Small steps each day ensure quick feedback from the end user and therefore provide the timely opportunity for course correction. By analogy in cricket, it's like making two runs on every ball versus planning to hit a six on last two balls. You face more stress, risk and as a result more failures.
Solve in real time — F2F > Call > Chat > Email:
Emails are least effective and unfortunately most-used of all communication methods for "transactional decision making". As per my experience, email chains invariably delay tasks and create warring factions within the organisation.
"The greatest victory is that which requires no battle." — Sun Tzu
The more "human touch" you have, the more quickly issues are resolved, the camaraderie strengthened and friction reduced. Encourage "F2F > Call > Chat > Email" in your organisation and you will witness "faster execution" and "amicable environment" immediately. Emails should be used primarily for sending notes, giving context and not for transactional debates and decision making.
Disagree and commit:
'Democracy' allows dissent so people are free to give ideas, debate and disagree. The converse is that execution becomes slow and sabotaged due to this. On the other hand. 'Dictatorship' does not allow free opinions but the execution is flawless and disciplined. We need best of both.
We need best of both worlds - 'discussion like democracy' + 'execution like dictatorship'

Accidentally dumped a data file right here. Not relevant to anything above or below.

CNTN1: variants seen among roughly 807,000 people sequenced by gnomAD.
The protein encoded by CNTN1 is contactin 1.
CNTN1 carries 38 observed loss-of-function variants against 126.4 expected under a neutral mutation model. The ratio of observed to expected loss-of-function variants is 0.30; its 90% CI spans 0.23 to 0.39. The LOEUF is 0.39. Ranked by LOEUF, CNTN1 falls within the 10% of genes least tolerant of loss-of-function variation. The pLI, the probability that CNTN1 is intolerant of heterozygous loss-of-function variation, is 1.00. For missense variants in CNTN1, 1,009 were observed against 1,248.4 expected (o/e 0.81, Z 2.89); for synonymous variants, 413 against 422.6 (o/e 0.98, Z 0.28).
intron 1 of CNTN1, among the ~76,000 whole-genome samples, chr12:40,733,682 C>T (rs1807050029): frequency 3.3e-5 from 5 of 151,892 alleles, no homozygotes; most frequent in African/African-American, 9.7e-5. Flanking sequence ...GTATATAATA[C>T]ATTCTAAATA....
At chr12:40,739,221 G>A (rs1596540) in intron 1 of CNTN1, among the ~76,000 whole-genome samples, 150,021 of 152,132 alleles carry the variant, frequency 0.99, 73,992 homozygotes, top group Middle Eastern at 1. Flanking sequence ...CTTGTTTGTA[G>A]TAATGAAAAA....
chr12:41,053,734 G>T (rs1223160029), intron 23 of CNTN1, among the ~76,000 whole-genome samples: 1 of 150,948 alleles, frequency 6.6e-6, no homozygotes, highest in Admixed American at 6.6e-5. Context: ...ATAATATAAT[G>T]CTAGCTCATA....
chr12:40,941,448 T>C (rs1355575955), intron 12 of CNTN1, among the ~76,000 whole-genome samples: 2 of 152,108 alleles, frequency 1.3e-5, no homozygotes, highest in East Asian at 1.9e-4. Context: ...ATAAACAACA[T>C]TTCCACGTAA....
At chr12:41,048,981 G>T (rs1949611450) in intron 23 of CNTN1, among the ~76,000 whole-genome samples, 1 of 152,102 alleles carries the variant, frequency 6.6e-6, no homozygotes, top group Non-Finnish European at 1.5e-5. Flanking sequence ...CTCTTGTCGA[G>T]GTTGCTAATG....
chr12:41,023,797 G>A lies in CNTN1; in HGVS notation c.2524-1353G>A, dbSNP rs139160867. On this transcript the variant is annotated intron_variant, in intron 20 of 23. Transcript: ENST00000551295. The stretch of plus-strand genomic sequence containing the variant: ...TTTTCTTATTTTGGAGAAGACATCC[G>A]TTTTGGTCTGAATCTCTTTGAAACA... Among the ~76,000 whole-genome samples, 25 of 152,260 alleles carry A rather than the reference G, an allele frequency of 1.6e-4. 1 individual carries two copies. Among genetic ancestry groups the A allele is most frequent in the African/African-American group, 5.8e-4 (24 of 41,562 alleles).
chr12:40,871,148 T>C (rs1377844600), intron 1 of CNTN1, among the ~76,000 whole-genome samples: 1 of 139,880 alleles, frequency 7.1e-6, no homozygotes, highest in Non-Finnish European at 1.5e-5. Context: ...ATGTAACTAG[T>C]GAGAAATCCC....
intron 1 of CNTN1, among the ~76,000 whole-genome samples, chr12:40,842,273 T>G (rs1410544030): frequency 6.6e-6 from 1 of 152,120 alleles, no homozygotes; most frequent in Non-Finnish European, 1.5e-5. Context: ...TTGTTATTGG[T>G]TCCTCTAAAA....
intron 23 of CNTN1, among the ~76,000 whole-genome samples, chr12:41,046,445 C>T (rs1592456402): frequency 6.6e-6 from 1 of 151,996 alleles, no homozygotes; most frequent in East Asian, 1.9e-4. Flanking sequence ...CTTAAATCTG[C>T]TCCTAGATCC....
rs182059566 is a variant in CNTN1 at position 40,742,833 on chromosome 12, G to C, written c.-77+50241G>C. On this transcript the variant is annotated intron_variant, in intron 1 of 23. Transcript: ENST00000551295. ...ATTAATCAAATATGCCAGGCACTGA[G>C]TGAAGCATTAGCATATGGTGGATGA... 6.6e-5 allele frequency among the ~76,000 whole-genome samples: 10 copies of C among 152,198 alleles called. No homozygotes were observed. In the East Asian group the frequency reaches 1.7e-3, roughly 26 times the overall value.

The solution is to allow "free discussion" before a decision is taken. In this expect people to have strong opinions. To move forward, a decision must be arrived at in a stipulated time frame with or without consensus. Now once a decision is taken, 100 percent commitment should be expected with no room for dissent. If iterations on the decision are needed while executing, then the process can be repeated again with the help of the leader.
You are leader:
When leaders/CEOs face problems, they instinctively start looking out for solutions rather than feeling like a victim of circumstances. The same leadership trait needs to be inculcated in every employee.
"If you have time to whine then you have time to find solution." — Dee Dee Artner
Every employee (even a fresher) should be made the leader of his/her assigned area. So the organisation hierarchy is a hierarchy of leaders from top to bottom.
There would be several small or big issues cropping in these areas. Now, when employees talk to their managers, it should be a leader-to-leader discussion. One must identify prevailing issues -> prioritise them -> think of solutions -> discuss with their leader -> execute. Take ownership, talk solutions!
Multiple 'high speed' and 'low cost' experiments should be encouraged in the company. Only successful ones among them would be invested further.
"The only real mistake is the one from which we learn nothing." — John Powell
Make sure to learn from shortcomings in the previous experiment and make sure to not repeat any mistake again. New mistakes are more welcome.
Work smart and work hard:
"Talent/smartness" or "hard work" individually can take you/company only to a certain level; where the majority of people/companies would already be. To break out of the crowd, one has to stand on both the legs i.e. smart work + hard work.
As per my experience, these principles take the execution to the next orbit of efficiency and excellence. Soon the leadership team's job would transform from heavily pushing a high-friction machine to steering a well-oiled fast moving machine.
Move fast & keep rocking!!
(The article appeared first here.)